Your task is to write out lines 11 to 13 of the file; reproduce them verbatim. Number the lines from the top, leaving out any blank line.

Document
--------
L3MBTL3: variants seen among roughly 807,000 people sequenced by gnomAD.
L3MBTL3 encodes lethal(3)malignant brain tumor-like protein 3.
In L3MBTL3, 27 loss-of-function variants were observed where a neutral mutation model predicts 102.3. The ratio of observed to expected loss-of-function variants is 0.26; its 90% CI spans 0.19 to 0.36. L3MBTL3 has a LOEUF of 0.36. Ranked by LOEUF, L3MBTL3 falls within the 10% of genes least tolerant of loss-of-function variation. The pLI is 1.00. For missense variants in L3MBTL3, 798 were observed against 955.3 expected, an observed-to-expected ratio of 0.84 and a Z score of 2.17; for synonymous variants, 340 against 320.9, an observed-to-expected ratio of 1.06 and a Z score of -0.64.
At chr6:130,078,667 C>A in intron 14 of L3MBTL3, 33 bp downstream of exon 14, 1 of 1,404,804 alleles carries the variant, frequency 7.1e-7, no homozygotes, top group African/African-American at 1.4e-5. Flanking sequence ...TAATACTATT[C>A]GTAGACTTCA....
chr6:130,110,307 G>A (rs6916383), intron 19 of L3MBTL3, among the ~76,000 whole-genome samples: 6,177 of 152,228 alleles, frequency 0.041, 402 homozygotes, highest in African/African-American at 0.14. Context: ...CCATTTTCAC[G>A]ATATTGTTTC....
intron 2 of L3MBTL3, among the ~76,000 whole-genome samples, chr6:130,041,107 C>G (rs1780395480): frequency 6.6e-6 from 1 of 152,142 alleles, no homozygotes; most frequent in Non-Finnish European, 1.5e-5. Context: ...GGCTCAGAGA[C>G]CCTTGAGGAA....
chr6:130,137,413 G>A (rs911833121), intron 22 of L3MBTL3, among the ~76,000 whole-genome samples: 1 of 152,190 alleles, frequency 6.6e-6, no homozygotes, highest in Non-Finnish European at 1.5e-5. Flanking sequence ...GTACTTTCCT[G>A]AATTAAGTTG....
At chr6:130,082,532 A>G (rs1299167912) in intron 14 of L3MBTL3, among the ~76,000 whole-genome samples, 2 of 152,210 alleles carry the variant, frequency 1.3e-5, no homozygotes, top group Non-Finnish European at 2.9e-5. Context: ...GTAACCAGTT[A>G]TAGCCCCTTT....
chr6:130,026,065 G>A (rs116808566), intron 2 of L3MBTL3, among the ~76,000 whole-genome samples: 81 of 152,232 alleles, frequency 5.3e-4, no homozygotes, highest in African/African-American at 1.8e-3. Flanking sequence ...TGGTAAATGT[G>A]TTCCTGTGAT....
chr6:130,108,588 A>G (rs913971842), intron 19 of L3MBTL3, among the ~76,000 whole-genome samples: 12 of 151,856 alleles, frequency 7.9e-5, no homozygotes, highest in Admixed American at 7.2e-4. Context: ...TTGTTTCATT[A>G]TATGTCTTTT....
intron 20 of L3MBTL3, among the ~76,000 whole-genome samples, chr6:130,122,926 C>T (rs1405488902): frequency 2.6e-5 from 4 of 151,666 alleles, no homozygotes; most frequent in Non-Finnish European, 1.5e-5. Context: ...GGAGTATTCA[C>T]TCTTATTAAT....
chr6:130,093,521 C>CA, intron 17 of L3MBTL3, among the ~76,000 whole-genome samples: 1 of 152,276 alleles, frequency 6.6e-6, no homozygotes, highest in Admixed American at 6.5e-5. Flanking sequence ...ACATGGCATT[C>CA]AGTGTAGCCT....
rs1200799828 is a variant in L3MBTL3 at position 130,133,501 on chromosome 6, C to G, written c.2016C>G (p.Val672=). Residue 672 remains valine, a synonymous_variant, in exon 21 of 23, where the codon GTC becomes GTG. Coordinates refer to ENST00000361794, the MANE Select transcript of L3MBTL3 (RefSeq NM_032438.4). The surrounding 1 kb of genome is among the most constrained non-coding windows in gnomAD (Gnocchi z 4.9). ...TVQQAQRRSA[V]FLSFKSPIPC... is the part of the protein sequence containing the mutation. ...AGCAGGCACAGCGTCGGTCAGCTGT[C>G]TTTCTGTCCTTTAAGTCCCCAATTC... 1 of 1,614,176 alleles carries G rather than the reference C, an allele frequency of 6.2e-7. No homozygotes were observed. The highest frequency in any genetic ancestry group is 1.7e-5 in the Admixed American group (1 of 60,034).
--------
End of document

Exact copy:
intron 20 of L3MBTL3, among the ~76,000 whole-genome samples, chr6:130,122,926 C>T (rs1405488902): frequency 2.6e-5 from 4 of 151,666 alleles, no homozygotes; most frequent in Non-Finnish European, 1.5e-5. Context: ...GGAGTATTCA[C>T]TCTTATTAAT....
chr6:130,093,521 C>CA, intron 17 of L3MBTL3, among the ~76,000 whole-genome samples: 1 of 152,276 alleles, frequency 6.6e-6, no homozygotes, highest in Admixed American at 6.5e-5. Flanking sequence ...ACATGGCATT[C>CA]AGTGTAGCCT....
rs1200799828 is a variant in L3MBTL3 at position 130,133,501 on chromosome 6, C to G, written c.2016C>G (p.Val672=). Residue 672 remains valine, a synonymous_variant, in exon 21 of 23, where the codon GTC becomes GTG. Coordinates refer to ENST00000361794, the MANE Select transcript of L3MBTL3 (RefSeq NM_032438.4). The surrounding 1 kb of genome is among the most constrained non-coding windows in gnomAD (Gnocchi z 4.9). ...TVQQAQRRSA[V]FLSFKSPIPC... is the part of the protein sequence containing the mutation. ...AGCAGGCACAGCGTCGGTCAGCTGT[C>G]TTTCTGTCCTTTAAGTCCCCAATTC... 1 of 1,614,176 alleles carries G rather than the reference C, an allele frequency of 6.2e-7. No homozygotes were observed. The highest frequency in any genetic ancestry group is 1.7e-5 in the Admixed American group (1 of 60,034).